And that suggests the real lesson for Republicans on Tuesday. One of their most powerful political assets is alive and well: the power of cultural issues over policies.
In the broadest sense, “cultural” matters have been challenging and bedeviling Democrats for well over half a century. The backlash to civil rights pulled the South away from the Democratic Party in the mid-’60s; crime, welfare, campus and urban violence eroded white working-class loyalties. These issues helped win Republicans the presidency in five out of six presidential contests from 1968 to 1988; only the post-Watergate fallout took Jimmy Carter to a narrow electoral win in 1976.
All through this period, Democrats were arguing that the public, by large measures, preferred their actual policies — their approaches to education, health care, taxes. Sometime in the ’80s, I sat with House Democratic leader Dick Gephardt as he explained to a roomful of journalists that once voters understood what Democrats were going to do about the high cost of college, health care and housing, electoral success would naturally follow.
Spoiler alert: It didn’t.
Only when Bill Clinton directly repudiated his party’s orthodoxy on crime and welfare did the political tide turn. It was Clinton who promised to “end welfare as we know it.” And his “blue wall” wasn’t a passel of declining industrial states, but the ranks of uniformed cops who stood behind him as he pledged support for the death penalty. Clinton had a Rotary Club cliché for his strategy: “Voters won’t care how much you know unless they know how much you care.”
To be blunt, his positions on crime and welfare, as well as his stern repudiation of the provocative words of a Black rapper named Sister Souljah, were signals — or perhaps dog whistles — that he was prepared to push back against what we would now call the “woke” wing of his own party.
Call it cynical, but what Clinton understood was a root reality of politics: “Culture trumps policy.” A six-point program to make schools better and college more affordable will mean very little if voters believe their neighborhoods are unsafe; and while demagogues will eagerly feed such fears, they will motivate voters only if there is an underlying reality to them. Violent crime in America rose sharply all through the 1960s and 1970s; when it began to recede, as it did from the early ‘90s to two years ago, crime all but disappeared as a political issue. It has resurfaced because in the last year or two, the most violent of crimes — homicide — has resurfaced.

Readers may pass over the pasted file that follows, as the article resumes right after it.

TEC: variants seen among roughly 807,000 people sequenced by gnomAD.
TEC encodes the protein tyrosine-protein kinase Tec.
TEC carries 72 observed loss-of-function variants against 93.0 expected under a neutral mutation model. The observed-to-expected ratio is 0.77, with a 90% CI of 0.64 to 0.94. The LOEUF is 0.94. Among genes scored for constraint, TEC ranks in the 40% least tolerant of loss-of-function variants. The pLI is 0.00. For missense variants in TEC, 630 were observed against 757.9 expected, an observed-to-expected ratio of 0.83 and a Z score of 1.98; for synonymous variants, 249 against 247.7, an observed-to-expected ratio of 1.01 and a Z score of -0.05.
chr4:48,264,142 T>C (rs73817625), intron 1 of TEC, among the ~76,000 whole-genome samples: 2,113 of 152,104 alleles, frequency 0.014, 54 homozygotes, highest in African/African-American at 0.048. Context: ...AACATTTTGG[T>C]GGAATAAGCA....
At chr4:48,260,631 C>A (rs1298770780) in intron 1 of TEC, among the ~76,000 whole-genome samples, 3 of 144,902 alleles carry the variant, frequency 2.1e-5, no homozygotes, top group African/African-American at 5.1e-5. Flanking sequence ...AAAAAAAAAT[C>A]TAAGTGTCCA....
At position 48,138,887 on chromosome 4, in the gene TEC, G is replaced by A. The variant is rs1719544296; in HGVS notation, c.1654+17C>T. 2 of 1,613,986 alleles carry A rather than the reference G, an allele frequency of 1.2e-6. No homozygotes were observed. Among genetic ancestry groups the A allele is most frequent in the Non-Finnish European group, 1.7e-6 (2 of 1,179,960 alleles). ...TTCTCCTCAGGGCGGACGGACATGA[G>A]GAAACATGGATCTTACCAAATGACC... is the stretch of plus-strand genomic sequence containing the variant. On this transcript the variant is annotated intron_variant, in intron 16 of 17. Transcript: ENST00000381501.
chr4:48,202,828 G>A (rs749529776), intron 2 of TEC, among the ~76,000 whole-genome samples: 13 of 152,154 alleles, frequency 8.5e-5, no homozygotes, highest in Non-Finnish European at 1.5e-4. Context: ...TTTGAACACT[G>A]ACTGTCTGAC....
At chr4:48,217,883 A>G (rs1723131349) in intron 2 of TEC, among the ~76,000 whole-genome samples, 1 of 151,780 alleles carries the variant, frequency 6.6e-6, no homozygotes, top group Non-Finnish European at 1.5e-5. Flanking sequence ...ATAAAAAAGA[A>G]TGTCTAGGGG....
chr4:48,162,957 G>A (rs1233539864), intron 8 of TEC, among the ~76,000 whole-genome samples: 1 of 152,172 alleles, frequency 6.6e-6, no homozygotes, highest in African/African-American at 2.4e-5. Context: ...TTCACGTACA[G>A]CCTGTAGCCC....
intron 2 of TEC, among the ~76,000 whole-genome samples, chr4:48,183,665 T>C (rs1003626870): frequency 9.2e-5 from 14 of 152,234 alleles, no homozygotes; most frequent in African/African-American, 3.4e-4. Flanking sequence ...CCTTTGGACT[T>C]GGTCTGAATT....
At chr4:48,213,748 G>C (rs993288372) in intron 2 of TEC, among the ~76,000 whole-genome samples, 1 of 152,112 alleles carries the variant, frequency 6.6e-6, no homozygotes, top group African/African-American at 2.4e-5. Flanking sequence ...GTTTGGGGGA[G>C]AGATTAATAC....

That kind of visceral response to an issue is a perennial “feature” of school board fights. Almost 50 years ago, fights over textbooks in Kanawha County, West Virginia, led to mass boycotts, shootings and the dynamiting of at least one elementary school. Fights over what books should or should not be in school libraries are more or less constant local arguments. Now, the combustible issue of race in America and how to teach about it has quickly become the Republican Party’s issue of choice. And Democrats face a significant challenge in pushing back.
On the one hand, there are clear and compelling arguments to be made for teaching kids very directly about the nation’s scarred past. Texas children ought to know that the original constitution of the Republic of Texas protected slavery and barred Indians and “Africans” from becoming citizens. New York children ought to learn that suburban developments barred Black people from buying homes.
This is not “critical race theory” — an academic concept not taught in elementary or high schools. It’s just history. But some of the premises of that theory have in fact gained currency — for instance, the idea that certain widely admired attributes are rooted in “whiteness.” It’s not hard to pump up the fears of conservative or moderate white suburban parents that such a critique amounts to an attack on some basic, and seemingly colorblind, American values.
What makes all this so maddening for Democrats is that there is plenty of evidence that Black voters themselves don’t widely share such views, any more than they support the “defund the police” campaigns of last year. Eric Adams, New York City’s next mayor and Jim Clyburn, House Democratic whip, have pushed back strongly against them.
For Democrats, one lesson of Virginia may well be that their candidates in 2022 and 2024 — most definitely including Biden — will need to find ways to position themselves loudly and clearly against these views, every bit as much as the party needs to push back against the tsunami of lies from GOP candidates that will be unleashed about what and how our nation’s children are being taught. This creates the risk of another “Sister Souljah” moment, in which Bill Clinton alienated a generation of Black voters even while cementing the coalition he needed to win.
Right now, the mainstream of the national Democratic Party is still overwhelmingly focused on policy, not culture. They’re trying to govern, which is the job they were elected to do. But at some point they’ll need to start campaigning again, and if Democrats believe that the passage of an infrastructure program and a large social spending bill will provide the ammunition to repel a new GOP-launched culture war, they are deluding themselves. If you weigh the concerns of parents with their kids’ education against a subsidy for electric cars, or a better rail system some years down the line, the scales will tip pretty heavily to one side.
For Republicans, the signal from Virginia is very clear. The party is already marshaling the troops for the next culture war. The next three years may be a time of scorched earth in America’s towns and suburbs. And Democrats, if they want to win, cannot be conscientious objectors.